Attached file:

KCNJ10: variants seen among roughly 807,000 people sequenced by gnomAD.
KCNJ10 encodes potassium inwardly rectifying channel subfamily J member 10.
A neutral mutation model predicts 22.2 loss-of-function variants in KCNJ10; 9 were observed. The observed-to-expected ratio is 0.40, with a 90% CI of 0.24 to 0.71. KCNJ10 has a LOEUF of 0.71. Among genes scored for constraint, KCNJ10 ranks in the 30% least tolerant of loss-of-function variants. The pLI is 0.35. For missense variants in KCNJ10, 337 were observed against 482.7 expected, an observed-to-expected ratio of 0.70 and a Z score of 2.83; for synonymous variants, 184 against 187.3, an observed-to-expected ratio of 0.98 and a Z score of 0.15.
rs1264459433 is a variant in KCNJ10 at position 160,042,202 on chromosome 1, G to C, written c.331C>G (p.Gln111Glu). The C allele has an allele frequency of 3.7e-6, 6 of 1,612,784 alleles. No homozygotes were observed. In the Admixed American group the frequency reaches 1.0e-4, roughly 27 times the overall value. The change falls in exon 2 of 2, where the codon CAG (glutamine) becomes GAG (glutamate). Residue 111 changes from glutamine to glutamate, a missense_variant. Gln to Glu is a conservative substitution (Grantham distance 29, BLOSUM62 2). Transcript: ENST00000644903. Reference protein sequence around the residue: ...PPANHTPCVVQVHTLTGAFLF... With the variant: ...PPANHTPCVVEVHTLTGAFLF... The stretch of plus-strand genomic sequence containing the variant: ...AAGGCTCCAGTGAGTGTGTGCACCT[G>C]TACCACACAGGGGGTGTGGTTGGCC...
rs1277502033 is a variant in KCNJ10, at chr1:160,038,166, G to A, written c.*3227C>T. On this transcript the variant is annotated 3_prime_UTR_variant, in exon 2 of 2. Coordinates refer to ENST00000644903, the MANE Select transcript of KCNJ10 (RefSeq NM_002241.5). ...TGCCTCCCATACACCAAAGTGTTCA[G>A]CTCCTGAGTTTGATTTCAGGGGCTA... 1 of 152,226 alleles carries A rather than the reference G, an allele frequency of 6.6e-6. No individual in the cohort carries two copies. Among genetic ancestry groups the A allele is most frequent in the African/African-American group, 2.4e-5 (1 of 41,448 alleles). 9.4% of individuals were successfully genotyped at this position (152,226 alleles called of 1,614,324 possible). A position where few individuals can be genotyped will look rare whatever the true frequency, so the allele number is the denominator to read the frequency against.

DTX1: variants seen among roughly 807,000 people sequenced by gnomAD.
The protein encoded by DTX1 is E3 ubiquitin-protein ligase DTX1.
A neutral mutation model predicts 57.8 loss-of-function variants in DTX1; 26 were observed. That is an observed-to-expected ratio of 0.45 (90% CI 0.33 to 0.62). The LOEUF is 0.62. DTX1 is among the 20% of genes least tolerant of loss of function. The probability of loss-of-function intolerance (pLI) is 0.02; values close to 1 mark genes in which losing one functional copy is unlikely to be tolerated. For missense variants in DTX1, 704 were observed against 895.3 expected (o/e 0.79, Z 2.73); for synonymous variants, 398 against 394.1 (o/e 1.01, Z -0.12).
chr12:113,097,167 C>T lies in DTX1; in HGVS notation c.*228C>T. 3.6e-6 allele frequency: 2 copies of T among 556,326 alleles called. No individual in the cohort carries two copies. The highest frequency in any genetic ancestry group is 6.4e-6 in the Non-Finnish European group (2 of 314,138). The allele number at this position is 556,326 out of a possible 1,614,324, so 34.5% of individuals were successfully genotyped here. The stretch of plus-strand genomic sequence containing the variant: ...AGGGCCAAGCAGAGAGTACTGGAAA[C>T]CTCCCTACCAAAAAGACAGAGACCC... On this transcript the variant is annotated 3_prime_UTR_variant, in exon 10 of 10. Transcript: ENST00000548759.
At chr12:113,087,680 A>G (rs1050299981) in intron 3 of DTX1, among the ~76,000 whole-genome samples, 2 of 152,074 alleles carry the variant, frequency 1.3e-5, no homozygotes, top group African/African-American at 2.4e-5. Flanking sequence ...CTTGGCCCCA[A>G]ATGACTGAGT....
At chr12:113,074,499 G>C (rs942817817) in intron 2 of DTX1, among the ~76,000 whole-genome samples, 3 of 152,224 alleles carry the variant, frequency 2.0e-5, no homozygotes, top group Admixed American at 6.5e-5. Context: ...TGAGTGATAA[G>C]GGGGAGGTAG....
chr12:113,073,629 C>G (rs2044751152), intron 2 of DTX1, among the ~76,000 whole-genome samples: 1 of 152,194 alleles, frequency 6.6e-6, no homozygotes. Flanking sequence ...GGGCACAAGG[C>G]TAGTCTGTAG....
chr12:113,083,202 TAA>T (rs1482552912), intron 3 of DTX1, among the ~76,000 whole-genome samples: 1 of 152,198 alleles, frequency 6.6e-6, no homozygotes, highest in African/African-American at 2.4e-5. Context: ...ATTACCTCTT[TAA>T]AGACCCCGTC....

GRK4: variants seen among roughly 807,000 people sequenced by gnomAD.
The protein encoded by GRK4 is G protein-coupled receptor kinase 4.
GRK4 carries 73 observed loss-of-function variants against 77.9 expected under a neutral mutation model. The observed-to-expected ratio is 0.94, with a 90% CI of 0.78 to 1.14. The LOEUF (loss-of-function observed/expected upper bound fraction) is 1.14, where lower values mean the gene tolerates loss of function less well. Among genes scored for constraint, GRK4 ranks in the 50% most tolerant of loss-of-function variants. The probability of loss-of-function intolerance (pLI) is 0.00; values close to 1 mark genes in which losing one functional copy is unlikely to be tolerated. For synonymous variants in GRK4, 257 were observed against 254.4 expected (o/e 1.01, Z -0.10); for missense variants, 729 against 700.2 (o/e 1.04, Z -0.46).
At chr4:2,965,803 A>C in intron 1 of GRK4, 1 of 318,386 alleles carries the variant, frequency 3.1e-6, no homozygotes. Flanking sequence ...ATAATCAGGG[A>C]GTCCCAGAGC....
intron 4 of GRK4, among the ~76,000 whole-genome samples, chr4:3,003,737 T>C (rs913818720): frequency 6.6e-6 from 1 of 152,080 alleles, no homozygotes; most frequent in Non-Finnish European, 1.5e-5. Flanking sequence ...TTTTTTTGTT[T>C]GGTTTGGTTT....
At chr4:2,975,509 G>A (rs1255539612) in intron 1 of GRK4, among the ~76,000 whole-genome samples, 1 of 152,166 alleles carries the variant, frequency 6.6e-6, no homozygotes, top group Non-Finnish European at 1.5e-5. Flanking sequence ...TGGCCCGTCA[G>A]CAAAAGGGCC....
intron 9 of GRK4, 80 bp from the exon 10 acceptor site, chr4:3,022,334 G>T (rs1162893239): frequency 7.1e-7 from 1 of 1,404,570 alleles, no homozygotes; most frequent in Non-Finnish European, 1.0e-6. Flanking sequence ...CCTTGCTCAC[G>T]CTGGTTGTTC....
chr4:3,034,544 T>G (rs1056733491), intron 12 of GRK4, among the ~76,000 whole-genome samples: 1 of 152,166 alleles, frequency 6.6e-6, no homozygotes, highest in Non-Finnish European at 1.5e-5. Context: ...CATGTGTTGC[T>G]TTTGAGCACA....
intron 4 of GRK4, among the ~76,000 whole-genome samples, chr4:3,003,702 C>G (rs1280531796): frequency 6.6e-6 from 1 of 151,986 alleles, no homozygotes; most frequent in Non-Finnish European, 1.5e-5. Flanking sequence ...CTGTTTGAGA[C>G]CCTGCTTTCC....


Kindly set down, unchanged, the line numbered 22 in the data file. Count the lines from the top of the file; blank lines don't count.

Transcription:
intron 4 of GRK4, among the ~76,000 whole-genome samples, chr4:3,003,702 C>G (rs1280531796): frequency 6.6e-6 from 1 of 151,986 alleles, no homozygotes; most frequent in Non-Finnish European, 1.5e-5. Flanking sequence ...CTGTTTGAGA[C>G]CCTGCTTTCC....